Samuel L. Jackson

REVIEW: Captain America: The Winter Soldier (2014)

My original Captain America: The Winter Soldier review from April 2014 is here.

Steve Rogers (Chris Evans) is attempting to make a life for himself, working for Nick Fury (Samuel L. Jackson) and SHIELD when an assassin from history known only as the Winter Soldier (Sebastian Stan) resurfaces.

Captain America: The Winter Soldier is a brilliant film. It combines spy thriller with superheroes who are really down to earth characters, so well that it almost goes beyond being a “simple” comic book movie. The superheroes here are all very human, and besides Steve Rogers himself who’s pretty strong but still human, they are all people who get hurt and bleed.

Natasha Romanoff aka Black Widow (Scarlett Johansson) is a spy who’s used to showing people what they want to see, so her developing friendship with Steve is quite special. They are almost moral opposites in how they see the world, but they find a common ground and seeing them work together is great. Sam Wilson (Anthony Mackie) is a brilliant character, he’s a soldier like Steve but he’s never been a part of SHIELD so is someone Steve can talk to and trust. Because that’s the thing with SHIELD, it’s a super-secret organisation where everyone has their own agendas, you can never be sure who to trust.

Secretary to the World Security Council Alexander Pierce (Robert Redford) is new character who personifies SHEILD’s shady agenda. He’s an old friend of Fury’s but being at the top of the SHIELD hierarchy means he definitely knows more than he lets on. Captain America: The Winter Soldier presents the idea of an organisation with almost limitless control thanks to its surveillance and ability to act outside of the law – this is political thriller territory and it handles it all incredibly well.

The fight scenes in Captain America: The Winter Soldier thrilling and generally well-shot. There’s a lot of hand to hand combat sequences and while there is quick editing and a variety of shot types, there’s moments where the camera tracks whoever’s fighting or there’s a wide-shot, so you can actually see the actors go at it and it makes the whole thing feel more real and tense.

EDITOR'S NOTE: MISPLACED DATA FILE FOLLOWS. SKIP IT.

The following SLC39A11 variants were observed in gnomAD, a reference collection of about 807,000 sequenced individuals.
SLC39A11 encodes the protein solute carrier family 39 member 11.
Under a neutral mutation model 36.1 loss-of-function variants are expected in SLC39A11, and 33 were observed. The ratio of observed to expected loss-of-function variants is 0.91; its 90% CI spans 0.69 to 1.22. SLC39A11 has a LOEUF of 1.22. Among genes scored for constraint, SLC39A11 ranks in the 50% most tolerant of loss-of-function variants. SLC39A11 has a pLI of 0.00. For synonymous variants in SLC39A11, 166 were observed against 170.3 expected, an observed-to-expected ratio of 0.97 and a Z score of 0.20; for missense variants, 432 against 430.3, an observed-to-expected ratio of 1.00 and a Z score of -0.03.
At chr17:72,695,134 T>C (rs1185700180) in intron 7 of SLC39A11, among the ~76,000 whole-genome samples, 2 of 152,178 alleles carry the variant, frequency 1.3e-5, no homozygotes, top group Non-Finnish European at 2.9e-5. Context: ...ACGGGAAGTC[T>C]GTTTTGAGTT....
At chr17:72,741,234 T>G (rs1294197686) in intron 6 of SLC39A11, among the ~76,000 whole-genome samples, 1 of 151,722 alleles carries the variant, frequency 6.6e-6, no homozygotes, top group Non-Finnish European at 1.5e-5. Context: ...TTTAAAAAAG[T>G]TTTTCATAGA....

There’s so many stand-out scenes in Captain America: The Winter Soldier but one of my favourites is the attack on Nick Fury’s car and subsequent car chase. Not only does it show off SHIELD’s technology and what a badass Fury is, but it’s tense and exciting and you get worried because Nick Fury is not a man who’s supposed to be able to get hurt.

I can’t not talk about the Winter Soldier. He’s one of the most ruthless yet interesting villains in the MCU. The music when he’s on screen, ‘The Winter Soldier’ composed by Henry Jackman, is haunting as well. It has this low bass rumble and these mechanical sounds that are almost like screams, you can imagine this is what the Winter Soldier hears in his head. It’s a great piece of music and the whole score is one of the most memorable from the MCU.

Captain America: The Winter Soldier is magnificent. It’s got the usual spectacle but with its characters who are so relatable and human, it makes it a superhero film for the ages. 5/5.

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REVIEW: The Avengers (2012)

When Loki (Tom Hiddleston) arrives on Earth with plans to enslave humanity, Nick Fury (Samuel L. Jackson) attempts to bring together a team of volatile people, Iron Man (Robert Downey Jr.), Captain America (Chris Evans), Thor (Chris Hemsworth), the Hulk (Mark Rufalo), Black Widow (Scarlett Johansson) and Hawkeye (Jeremy Renner), who have the potential to be heroes.

The Avengers is a payoff for forward planning and investing in your characters. It’s hard to believe it now but The Avengers was a bit of a risky move. Yes, there were five films setting up these characters and all previous films were generally well-received and made a lot of money, but that was no guarantee that The Avengers would be a good movie that could balance its large cast of characters, each with their own extensive backstory and big personalities. Luckily, The Avengers managed to do just that.

The Avengers has spectacular set pieces with each action or fight sequence almost better than the last. There is a lot of conflict in this film, whether it’s the heroes against the villains or even the heroes amongst themselves. These are larger than life characters and they do clash, but that makes the moments when they come together as a team all that more satisfying.

The Avengers could have very easily been the Tony Stark Show thanks to him not only being a character we’ve seen the most but also because of Downey Jr’s natural charisma. However, thanks to a clever script that’s not the case. Each character gets their moment in the spotlight, secondary characters like Agent Maria Hill (Cobie Smulders) and Agent Phil Coulson (Clark Gregg) even get a moment of badassery. The script also allows time for these characters to grow while still having a firm understanding each of their motivations.

One of the highest compliments I can give The Avengers is that it feels like a comic book brought to life. The witty one-liners characters have, the way the script drops titbits of characters history or motivations with ease, and how vibrant and exciting it is. There’s a tracking shot, in the final battle, that’s almost lifted from the pages of a comic book with the way the camera moves from one character to another as they fight as a unit.